Was David Tyree's Catch the Greatest Play in NFL History?

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Was David Tyree's Catch the Greatest Play in NFL History?
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You know March Madness has arrived when national and local websites launch zany brackets in efforts to decide who or what is the best of all time. TheScore.com, for example, had a "greatest sports video game" bracket last year, while you're still welcome to take part in this website's bracket-style quest to determine the best barbecue restaurant in Alabama.

And it goes on and on and on and on and on and on and on and on.

NFL.com is in on the action this year with a 64-slot bracket to determine the greatest play in NFL history. While 15 of the 64 plays in the tournament were made by teams from the NFC East, the only top-seeded play involving the division is this one...

David Tyree's Super Bowl catch—and I hate calling it that, because the play was about so much more than just the reception at the end—is the No. 1 seed in the "Swann Division." In the opening round, that play faces Darrell Green chasing down Tony Dorsett in Green's first NFL game.

That'll be a walk in the park, but later it will have its hands full with "The Immaculate Reception," "The Music City Miracle" and "The Catch."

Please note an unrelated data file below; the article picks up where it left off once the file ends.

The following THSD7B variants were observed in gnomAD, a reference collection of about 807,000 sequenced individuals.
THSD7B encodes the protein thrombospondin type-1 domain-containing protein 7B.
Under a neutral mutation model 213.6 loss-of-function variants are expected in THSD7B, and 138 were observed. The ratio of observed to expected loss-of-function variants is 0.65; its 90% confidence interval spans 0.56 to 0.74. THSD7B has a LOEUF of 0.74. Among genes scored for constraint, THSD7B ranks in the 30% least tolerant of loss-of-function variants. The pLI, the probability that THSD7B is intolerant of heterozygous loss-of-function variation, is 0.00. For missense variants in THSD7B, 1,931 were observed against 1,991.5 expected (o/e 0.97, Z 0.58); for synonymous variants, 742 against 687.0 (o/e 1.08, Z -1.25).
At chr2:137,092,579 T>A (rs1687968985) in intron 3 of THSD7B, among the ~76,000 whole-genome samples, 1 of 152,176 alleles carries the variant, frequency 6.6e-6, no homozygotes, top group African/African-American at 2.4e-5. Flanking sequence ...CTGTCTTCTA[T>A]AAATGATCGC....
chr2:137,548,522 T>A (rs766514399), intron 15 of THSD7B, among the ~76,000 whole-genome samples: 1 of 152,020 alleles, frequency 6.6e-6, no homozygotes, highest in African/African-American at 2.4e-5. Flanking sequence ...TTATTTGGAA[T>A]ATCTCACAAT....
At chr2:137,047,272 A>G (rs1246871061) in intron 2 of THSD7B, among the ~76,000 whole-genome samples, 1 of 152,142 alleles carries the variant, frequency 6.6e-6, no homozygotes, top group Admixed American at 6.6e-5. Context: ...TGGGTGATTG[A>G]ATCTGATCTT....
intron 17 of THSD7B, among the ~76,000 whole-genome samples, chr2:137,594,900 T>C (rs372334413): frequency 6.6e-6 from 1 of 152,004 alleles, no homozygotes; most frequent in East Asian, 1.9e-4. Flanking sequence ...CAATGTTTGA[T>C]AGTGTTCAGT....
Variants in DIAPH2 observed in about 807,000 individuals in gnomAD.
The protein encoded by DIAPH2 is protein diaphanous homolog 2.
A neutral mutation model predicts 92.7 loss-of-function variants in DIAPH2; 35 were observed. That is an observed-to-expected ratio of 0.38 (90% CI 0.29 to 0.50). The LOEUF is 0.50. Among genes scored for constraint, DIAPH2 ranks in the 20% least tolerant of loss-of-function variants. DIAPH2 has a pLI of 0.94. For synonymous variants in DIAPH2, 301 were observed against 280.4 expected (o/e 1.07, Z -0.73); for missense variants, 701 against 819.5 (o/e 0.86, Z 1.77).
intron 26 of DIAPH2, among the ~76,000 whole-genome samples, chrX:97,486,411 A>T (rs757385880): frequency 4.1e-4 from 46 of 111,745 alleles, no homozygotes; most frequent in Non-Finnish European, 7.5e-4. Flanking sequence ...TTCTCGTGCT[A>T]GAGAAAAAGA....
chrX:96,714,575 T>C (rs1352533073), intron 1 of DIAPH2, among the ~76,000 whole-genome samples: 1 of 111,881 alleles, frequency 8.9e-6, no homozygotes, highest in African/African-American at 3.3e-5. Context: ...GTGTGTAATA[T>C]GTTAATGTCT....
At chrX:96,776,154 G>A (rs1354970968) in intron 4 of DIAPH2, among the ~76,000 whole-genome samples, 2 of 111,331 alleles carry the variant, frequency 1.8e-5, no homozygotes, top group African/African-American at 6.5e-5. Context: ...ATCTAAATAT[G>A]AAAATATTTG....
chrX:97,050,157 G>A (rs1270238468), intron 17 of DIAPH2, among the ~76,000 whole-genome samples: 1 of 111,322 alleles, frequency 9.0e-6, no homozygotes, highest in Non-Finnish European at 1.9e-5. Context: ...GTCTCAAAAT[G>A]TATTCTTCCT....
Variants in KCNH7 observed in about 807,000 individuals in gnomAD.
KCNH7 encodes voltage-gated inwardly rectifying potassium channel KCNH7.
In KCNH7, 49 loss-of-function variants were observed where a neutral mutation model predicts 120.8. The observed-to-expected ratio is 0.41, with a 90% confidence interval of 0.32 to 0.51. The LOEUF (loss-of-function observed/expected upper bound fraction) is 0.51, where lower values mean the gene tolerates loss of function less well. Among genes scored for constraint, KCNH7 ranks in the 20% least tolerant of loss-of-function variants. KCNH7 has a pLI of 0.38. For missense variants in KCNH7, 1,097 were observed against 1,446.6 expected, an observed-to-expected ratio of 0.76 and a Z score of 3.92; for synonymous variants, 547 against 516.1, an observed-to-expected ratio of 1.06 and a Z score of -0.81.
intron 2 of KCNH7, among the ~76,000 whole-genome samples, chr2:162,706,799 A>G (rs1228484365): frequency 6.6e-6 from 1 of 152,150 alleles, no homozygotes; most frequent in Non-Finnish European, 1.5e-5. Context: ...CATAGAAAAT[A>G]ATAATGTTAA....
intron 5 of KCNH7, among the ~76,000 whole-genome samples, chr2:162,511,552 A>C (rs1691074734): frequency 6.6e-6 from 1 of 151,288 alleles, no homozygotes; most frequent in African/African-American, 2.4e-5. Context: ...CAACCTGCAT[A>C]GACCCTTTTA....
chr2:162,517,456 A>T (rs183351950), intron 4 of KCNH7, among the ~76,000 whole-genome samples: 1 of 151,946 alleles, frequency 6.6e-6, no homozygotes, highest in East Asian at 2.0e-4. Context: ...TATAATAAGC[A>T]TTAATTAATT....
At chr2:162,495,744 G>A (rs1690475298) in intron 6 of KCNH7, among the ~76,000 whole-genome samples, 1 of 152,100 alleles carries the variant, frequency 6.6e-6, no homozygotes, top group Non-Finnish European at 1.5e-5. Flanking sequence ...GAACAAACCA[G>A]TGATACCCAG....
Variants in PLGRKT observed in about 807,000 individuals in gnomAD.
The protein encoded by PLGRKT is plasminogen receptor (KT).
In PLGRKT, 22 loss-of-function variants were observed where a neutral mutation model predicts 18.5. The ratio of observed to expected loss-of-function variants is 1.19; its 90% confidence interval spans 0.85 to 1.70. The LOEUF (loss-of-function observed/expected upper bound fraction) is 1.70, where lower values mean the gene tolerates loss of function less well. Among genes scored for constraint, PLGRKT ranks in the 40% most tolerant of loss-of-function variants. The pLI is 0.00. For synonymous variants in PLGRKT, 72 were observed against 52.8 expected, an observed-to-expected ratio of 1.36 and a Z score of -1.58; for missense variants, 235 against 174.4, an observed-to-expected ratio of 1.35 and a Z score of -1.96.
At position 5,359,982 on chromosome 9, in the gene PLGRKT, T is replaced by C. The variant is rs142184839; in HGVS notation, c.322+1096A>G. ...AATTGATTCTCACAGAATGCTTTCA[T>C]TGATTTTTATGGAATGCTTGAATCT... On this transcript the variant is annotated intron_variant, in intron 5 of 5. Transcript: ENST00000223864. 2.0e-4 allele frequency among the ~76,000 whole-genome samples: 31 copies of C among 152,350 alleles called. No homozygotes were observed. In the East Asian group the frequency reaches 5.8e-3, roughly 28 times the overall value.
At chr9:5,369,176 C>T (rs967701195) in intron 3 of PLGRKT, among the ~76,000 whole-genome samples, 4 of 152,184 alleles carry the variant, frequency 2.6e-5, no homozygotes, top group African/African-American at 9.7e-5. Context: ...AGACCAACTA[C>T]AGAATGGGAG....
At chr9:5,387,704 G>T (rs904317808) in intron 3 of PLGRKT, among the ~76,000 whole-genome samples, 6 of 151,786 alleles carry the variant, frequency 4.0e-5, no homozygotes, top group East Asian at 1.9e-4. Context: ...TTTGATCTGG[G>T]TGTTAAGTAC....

The Music City Miracle was pretty incredible, but it took place in the Wild Card Round and wasn't really an amazing athletic feat. It was well-executed, but Frank Wycheck and Kevin Dyson were just doing their jobs. The Immaculate Reception involved a lot more luck, and both of those plays are still controversial in terms of legalities. 

There's no doubt about the two top-seeded catches, but I still don't think you can compare Dwight Clark's game-winning touchdown reception in the 1981 NFC Championship Game to the one Tyree made. 

Those two plays have a lot in common, though. First, neither team would have won the Super Bowl if not for the plays. Second, they required remarkable acts from both the quarterback and the receiver. 

With that being said, the Tyree play took place in the Super Bowl, not the conference title game. Furthermore, the grab itself was more ridiculous than Clark's, in my humble opinion. You be the judge...

By the way, Eli Manning's remarkable 38-yard completion to Mario Manningham late in Super Bowl XLVI made the bracket, but only as a No. 15 seed. I really think that play deserves more credit. Unbelievable throw and catch and they probably don't win that game if it doesn't happen. 

The next highest-ranked NFC East play is the Roger Staubach-to-Drew Pearson Hail Mary from the 1975 playoffs, which is sixth in the "Payton Bracket."

From a Giants perspective, two plays in which the G-Men got to Joe Montana made the list, with the Leonard Marshall forced fumble in sixth and the Lawrence Taylor pick-six in 13th.

What do you guys think? 

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